Screw drivers are invariably used for many purposes other than that for which they are designed. The most common use includes employing the screw driver as a cold chisel wherein it is often hammered. Therefore, the sleeve 15 must expose the end of the hard body it), otherwise a hammer blow would cause the hammer to fly up into the face of the user.

While in some instances the frictional engagement between the sleeve 15 and the body 10 is adequate to transmit the required torque to shank 12 without slipping between the body and sleeve, the sleeve 15 may be adhesively cemented thereto by an adhesive such as a neoprene base adhesive or the like. One such adhesive is marketed under the trade name Raybond and is manufactured by the Raybestos Manhattan Corporation. Other similar types of adhesives will, of course, adequately fix the sleeve 15 to the body 10. Or, the sleeve may be held to the body by intermeshing means on the internal surface of the sleeve and the external surface of the body.

The sleeve 15 may be a molded product and may include various peripheral surface configurations such, for

example, as the longitudinally extending outer circumferentially spaced flutes 16 forming ribs 17 therebetween which, by virtue of the resiliency of the sleeve material in which they are formed, facilitates the production of the results obtained by a handle embodying the principles of this invention.

Referring to Figs. 4 and 5, the principles of the invention are shown as applied to a tool including a shank 18 similar to shank 12 and connected to a hard body 19 similar to body 10. The body 19 may be provided with peripherally spaced longitudinally extending grooves 20, and a circumferential groove 21 spaced slightly inwardly from the rearward exposed end 22 of the body 19. A hand gripping member 23 may be made from the same material as that from which hand gripping member' 15 is made. It may include outer peripheral flutes and ribs similar to the flutes and ribs 17 of Fig. 1. It also may include inner peripheral grooves 24 that mate with the ribs formed by the grooves 20 on the body 19. The member 23 may also include an inturned flange 25 that is received within the circumferential groove 21 in the body 19.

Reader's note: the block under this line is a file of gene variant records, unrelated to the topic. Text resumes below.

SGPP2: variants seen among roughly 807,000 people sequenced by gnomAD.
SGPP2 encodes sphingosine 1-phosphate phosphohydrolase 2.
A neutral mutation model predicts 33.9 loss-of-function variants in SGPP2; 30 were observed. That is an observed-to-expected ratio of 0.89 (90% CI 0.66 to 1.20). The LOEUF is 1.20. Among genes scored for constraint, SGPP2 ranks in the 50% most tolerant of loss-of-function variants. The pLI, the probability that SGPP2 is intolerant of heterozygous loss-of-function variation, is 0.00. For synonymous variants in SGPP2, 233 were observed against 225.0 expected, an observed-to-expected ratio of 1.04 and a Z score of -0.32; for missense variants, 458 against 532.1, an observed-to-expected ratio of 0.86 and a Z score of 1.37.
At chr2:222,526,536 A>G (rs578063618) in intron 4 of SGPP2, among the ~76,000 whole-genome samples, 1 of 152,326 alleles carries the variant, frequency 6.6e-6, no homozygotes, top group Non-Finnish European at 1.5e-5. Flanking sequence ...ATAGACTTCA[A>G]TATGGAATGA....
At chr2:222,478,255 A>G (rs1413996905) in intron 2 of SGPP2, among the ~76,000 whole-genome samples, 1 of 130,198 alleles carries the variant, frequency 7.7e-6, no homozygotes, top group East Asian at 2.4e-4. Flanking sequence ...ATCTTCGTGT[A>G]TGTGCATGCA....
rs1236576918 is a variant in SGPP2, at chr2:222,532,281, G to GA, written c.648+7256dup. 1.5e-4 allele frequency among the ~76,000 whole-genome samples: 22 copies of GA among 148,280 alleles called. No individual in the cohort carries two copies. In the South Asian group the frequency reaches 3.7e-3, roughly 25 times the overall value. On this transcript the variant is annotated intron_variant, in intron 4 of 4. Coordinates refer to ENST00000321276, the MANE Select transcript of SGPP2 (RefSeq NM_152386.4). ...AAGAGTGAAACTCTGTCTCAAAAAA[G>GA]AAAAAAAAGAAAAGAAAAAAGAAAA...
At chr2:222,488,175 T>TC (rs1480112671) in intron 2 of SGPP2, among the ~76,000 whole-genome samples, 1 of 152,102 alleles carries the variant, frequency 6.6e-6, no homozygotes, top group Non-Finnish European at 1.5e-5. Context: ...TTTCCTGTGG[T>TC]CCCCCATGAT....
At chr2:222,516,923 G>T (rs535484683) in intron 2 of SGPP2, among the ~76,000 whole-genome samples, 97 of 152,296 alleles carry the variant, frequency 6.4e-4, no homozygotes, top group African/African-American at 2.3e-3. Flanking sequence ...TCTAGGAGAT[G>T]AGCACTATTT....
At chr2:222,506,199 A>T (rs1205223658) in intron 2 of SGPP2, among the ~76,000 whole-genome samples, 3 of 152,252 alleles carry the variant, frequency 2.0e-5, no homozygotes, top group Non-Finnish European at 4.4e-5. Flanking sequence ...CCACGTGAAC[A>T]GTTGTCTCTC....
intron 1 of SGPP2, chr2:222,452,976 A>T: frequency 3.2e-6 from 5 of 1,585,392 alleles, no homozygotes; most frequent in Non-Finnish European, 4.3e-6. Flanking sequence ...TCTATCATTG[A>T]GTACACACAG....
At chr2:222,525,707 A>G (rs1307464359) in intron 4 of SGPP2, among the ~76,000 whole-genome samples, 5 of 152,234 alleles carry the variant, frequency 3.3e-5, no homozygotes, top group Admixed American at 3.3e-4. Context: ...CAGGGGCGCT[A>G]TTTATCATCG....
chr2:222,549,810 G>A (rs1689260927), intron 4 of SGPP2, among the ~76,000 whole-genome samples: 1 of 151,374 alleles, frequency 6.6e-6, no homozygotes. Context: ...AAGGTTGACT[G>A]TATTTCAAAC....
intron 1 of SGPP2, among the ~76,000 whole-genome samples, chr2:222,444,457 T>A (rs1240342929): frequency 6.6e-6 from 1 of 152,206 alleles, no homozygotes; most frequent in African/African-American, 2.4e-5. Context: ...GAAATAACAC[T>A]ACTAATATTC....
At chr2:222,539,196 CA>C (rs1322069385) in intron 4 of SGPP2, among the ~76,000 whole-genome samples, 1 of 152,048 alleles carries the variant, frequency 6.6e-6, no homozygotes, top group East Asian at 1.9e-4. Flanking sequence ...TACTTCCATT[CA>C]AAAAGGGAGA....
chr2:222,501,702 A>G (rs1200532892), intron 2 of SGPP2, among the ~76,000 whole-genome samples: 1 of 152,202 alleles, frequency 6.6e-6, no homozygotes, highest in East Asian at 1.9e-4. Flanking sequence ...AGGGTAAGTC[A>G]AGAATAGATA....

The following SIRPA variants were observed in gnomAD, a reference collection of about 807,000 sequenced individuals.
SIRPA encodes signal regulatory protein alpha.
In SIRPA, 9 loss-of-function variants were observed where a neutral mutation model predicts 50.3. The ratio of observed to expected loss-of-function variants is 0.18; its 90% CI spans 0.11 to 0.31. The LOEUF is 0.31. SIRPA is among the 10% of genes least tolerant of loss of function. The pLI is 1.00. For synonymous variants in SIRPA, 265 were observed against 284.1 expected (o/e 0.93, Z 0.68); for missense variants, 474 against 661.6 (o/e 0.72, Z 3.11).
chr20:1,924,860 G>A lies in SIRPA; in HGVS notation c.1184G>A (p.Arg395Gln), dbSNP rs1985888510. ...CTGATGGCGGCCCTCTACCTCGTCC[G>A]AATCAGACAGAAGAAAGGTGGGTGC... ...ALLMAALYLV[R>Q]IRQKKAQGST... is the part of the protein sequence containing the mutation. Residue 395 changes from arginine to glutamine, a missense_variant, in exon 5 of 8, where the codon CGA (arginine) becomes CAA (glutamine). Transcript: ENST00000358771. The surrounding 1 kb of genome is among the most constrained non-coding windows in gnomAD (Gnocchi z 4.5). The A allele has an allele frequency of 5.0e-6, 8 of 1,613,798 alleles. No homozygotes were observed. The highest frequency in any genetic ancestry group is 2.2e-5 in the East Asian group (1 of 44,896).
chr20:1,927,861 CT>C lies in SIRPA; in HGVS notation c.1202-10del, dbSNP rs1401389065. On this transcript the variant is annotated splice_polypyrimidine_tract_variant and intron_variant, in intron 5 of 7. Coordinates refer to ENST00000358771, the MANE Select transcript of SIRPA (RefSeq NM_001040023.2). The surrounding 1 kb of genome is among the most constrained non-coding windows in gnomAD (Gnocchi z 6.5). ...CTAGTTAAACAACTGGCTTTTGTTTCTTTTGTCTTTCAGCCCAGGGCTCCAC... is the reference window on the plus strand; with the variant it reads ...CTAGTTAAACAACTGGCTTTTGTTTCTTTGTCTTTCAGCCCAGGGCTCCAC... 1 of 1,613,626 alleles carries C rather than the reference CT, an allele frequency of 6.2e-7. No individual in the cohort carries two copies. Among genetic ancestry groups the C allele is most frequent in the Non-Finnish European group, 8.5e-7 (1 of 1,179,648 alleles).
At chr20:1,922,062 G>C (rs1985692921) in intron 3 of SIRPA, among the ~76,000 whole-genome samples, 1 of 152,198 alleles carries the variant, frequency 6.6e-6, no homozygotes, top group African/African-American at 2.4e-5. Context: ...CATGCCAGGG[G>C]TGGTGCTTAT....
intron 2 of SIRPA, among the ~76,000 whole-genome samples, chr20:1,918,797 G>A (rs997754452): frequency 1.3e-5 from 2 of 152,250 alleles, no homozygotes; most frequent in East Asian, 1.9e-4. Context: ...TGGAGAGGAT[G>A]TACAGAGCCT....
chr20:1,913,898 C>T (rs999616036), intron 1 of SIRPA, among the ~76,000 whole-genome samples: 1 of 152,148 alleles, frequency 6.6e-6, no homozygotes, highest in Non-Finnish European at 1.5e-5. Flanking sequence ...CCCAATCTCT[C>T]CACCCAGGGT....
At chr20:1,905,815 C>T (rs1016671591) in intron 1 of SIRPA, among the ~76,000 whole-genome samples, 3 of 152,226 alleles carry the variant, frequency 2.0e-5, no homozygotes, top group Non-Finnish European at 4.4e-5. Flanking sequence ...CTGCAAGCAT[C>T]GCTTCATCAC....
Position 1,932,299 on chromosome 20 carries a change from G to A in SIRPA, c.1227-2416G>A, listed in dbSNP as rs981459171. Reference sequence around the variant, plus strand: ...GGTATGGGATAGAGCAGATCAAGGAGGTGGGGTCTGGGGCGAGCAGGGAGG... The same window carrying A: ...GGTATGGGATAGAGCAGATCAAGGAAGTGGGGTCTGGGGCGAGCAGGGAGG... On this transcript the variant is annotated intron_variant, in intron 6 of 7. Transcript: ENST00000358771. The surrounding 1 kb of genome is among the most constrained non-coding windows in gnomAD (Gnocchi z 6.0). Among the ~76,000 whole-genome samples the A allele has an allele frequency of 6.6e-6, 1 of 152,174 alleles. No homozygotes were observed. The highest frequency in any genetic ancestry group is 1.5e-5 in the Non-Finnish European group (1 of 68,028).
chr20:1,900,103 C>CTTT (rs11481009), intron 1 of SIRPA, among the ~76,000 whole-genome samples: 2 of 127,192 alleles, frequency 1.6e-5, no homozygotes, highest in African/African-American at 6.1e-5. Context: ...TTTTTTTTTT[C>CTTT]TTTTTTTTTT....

From the foregoing it is evident that the mating of the grooves 20 and the ribs formed by the grooves 24 provides a mechanical interlocking or intermeshing connecting means for preventing relative rotary motion between the portion 23 and the body 19 when the tool is subjected to the torque for which it is designed. Furthermore, the cooperation between the inturned flange 2S and the groove 21 also provides a mechanical interlocking connecting means which prevents relative axial movement between the member 23 and the body 19.

Referring to Fig. 6, the inner periphery of the member 23 is shown as being provided with another form of intermeshing locking means which may comprise axially extending serrations 26 that intermesh with mating axially extending serrations 27 formed on the outer periphery of the body 19.

Although the various features of the new and improved handle for screw drivers and the like have been shown and described in detail to fully disclose several embodiments of the invention, it will be evident that numerous changes may be made in such details, and certain features may be used without others without departing from the principles of the invention.

What is claimed is:

1. In a tool of the type that is manually subjected to a torque in the manner of using an ordinary screw driver, a tool shank; a base having its one end fixed to; said shank and made from a material of sufiicient rigidity to prevent relative movement between the shank and base when said tool is subjected to a torque for which it is designed; a sleeve of material surrounding said base and extending along said base substantially throughout its entire length and to a point adjacent, but exposing a substantial portion of the end of said base opposite that to which said shank is fixed, said sleeve having a resiliency between substantially 40 and units on the Shore A durometer; and intermeshing connecting means between said sleeve and base.

2. In a tool of the type that is manually subjected to a torque in the manner of using an ordinary screw driver, a tool shank; abase having its one end fixed to said shank and made from a material of suflicient rigidity to prevent relative movement between the shank and base when said tool is subjected to a torque for which it is designed; a sleeve of material surrounding said base and extending along said base substantially throughout its entire length and to a point adjacent, but exposing a substantial portion of the end of said base opposite that to which said shank is fixed, said sleeve having a resiliency between substantially 40 and 90 units on the Shore A durometer; intermeshing connecting means between said sleeve and base; and means on said sleeve and interlocking with means on said base for preventing relative axial movement between said sleeve and base.

References Cited in the file of this patent UNITED STATES PATENTS

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Classifications
U.S. Classification81/177.1, 16/902, 473/303, 428/462, 16/430, 16/DIG.120
International ClassificationB25G1/10, B25B23/16
Cooperative ClassificationY10S16/12, B25G1/105, Y10S16/902, B25B23/16
European ClassificationB25B23/16, B25G1/10S